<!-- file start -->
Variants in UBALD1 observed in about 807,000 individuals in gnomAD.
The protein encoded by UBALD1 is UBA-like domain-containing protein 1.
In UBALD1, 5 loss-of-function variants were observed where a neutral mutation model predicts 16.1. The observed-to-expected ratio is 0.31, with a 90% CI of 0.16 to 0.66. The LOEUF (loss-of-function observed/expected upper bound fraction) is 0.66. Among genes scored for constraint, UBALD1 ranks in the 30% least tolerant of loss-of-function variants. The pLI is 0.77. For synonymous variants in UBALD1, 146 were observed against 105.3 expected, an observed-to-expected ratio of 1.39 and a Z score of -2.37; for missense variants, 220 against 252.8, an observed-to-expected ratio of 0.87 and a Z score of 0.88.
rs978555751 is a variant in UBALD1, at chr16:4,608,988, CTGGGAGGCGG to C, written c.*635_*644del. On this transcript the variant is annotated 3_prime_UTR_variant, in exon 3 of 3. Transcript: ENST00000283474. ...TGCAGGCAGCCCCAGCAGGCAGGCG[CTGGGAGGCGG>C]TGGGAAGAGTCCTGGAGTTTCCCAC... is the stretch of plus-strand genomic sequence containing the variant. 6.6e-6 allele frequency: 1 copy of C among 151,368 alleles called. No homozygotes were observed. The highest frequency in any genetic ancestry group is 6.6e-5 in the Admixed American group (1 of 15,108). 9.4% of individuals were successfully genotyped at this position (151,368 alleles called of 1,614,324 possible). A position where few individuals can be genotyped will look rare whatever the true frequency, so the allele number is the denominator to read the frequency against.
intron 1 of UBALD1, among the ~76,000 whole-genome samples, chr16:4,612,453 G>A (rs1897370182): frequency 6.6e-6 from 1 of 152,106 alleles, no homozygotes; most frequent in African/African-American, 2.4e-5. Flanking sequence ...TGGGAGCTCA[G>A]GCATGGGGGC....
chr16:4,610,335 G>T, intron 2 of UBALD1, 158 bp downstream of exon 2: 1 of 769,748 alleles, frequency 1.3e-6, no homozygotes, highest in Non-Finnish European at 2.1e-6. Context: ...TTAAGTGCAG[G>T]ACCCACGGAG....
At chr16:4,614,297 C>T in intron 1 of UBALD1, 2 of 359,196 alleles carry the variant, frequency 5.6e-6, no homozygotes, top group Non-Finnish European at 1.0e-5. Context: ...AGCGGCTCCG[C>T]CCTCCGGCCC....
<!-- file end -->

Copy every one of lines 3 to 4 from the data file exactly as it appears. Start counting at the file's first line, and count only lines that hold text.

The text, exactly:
In UBALD1, 5 loss-of-function variants were observed where a neutral mutation model predicts 16.1. The observed-to-expected ratio is 0.31, with a 90% CI of 0.16 to 0.66. The LOEUF (loss-of-function observed/expected upper bound fraction) is 0.66. Among genes scored for constraint, UBALD1 ranks in the 30% least tolerant of loss-of-function variants. The pLI is 0.77. For synonymous variants in UBALD1, 146 were observed against 105.3 expected, an observed-to-expected ratio of 1.39 and a Z score of -2.37; for missense variants, 220 against 252.8, an observed-to-expected ratio of 0.87 and a Z score of 0.88.
rs978555751 is a variant in UBALD1, at chr16:4,608,988, CTGGGAGGCGG to C, written c.*635_*644del. On this transcript the variant is annotated 3_prime_UTR_variant, in exon 3 of 3. Transcript: ENST00000283474. ...TGCAGGCAGCCCCAGCAGGCAGGCG[CTGGGAGGCGG>C]TGGGAAGAGTCCTGGAGTTTCCCAC... is the stretch of plus-strand genomic sequence containing the variant. 6.6e-6 allele frequency: 1 copy of C among 151,368 alleles called. No homozygotes were observed. The highest frequency in any genetic ancestry group is 6.6e-5 in the Admixed American group (1 of 15,108). 9.4% of individuals were successfully genotyped at this position (151,368 alleles called of 1,614,324 possible). A position where few individuals can be genotyped will look rare whatever the true frequency, so the allele number is the denominator to read the frequency against.